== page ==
The heroine of Etienne Chatiliez's sharp, funny and relentlessly outrageous satire "Tatie Danielle" (at the Guild) is most likely the meanest old lady you ever saw on the screen. Clearly spoiled her entire life, Tatie Danielle (Tsilla Chelton, in an amazing portrayal) takes intense pleasure in being nasty and mean to everybody who has the misfortune to cross her path.
This is a woman who, wearing heavy "sensible" shoes, will stomp on a sprawled beggar just as quickly as a border of freshly planted pansies (in her own garden yet). She loves to sic her own beloved dog on the postman but doesn't hesitate to kick or even abandon someone else's pet.
She is a thoroughly awful piece of work who plays the sweet, helpless creature with glee when it suits her purpose. When she isn't talking to the portrait of her late husband, a cross-eyed colonel dead half a century, she's gorging herself on forbidden sweets while glued to the TV soaps. She may be bad news, but she's hilarious.
"Tatie Danielle," written by Florence Quentin with daring and insight, is the second feature from Chatiliez, whose equally funny babies-switched-at-birth comedy, "Life Is a Long Quiet River," revealed him to be a major, distinctive new talent in the French cinema.
When we meet Tatie (Auntie) Danielle in her splendid Second Empire townhouse in a small provincial city, she is deciding that the time has come for her to descend upon her nephew and his family, who live in a tasteful but fairly small flat in Paris. (Chatiliez's most inspired touch is in the way he stages the lethal incident, not to be revealed here, that precipitates this move; we're left to wonder whether Tatie Danielle deliberately provoked it or whether she merely made the most of the opportunity it provided). Danielle's plump nephew (Eric Prat) and his pretty wife (Catherine Jacob), who have two sons--one a teen-ager, the other an infant--are the essence of kindness and attentiveness.
The mark of a true satirist is evenhandedness, and nobody escapes Chatiliez's deft skewering, seasoned as it is with a delicious sense of the absurd. The nephew and his wife are so insulated in their secure and routine bourgeois existence they haven't figured out their elder son is gay, let alone what Tatie Danielle is all about.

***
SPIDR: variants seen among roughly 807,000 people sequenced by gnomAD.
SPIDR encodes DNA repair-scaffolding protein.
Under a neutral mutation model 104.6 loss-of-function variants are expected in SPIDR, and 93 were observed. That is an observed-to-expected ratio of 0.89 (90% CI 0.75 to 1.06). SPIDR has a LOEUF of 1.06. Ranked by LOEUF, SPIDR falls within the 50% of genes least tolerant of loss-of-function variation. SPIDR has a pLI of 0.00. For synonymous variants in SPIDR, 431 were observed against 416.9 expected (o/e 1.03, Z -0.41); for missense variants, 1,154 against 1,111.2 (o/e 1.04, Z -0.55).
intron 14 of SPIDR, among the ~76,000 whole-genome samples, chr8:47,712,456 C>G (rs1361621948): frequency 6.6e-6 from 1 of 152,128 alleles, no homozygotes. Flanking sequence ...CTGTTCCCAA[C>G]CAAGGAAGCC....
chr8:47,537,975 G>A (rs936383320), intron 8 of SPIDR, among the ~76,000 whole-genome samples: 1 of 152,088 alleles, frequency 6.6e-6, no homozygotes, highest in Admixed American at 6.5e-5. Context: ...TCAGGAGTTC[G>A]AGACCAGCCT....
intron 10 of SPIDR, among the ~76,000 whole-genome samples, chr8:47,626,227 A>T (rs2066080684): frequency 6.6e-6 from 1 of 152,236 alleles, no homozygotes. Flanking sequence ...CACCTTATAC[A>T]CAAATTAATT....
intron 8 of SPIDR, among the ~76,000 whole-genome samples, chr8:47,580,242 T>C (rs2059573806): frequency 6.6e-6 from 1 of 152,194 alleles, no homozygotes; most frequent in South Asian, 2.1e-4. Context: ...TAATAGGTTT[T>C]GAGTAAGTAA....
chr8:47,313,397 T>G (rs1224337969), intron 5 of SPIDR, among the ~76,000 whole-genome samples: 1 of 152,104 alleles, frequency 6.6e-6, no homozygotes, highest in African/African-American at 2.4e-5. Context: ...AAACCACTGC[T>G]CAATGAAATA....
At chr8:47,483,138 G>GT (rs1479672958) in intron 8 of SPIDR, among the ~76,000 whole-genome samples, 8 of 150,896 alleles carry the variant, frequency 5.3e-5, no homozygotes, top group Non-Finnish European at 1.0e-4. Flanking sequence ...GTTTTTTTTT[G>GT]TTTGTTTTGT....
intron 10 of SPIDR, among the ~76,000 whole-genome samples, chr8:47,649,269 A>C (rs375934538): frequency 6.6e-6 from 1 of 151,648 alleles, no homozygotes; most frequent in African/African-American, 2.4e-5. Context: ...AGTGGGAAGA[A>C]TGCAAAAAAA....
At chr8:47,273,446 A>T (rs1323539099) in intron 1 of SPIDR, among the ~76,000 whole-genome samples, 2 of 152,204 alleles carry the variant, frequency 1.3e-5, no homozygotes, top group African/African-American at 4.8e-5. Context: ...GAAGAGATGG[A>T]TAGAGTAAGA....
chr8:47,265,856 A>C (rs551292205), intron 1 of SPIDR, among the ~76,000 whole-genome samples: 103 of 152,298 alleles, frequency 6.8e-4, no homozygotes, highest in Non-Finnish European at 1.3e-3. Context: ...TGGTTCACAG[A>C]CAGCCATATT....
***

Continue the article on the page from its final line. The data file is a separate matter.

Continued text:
At the same time they are so genuinely good and caring, you can't help but like them. And when they hire a temporary companion for Tatie when they take their vacation, you believe the old woman has at last met her match in their choice, a no-nonsense young woman (Isabelle Nanty). Yet if the companion is to succeed, Chatiliez suggests, she's got to have some nastiness of her own if the two are to connect. Where Chatiliez is wisest is in not excusing Tatie Danielle, who is hardly helpless, for her horrible behavior.
As in "Life Is a Long Quiet River," Chatiliez is a miracle worker with actors.
Chelton, who is actually a decade younger than her 82-year-old character, and Nanty are perfectly matched, never better than when they're revealing how the two women seem to be starting to bring out the best in each other. Neige Dolsky is a comic wonder as Tatie Danielle's spindly, elderly put-upon servant. Prat and Laurence Fevrier as his sister are amusing in their initial naivete about their awful aunt. The film's scene-stealer, however, is Catherine Jacob, so adorable and funny is her hugely put-upon wife and mother.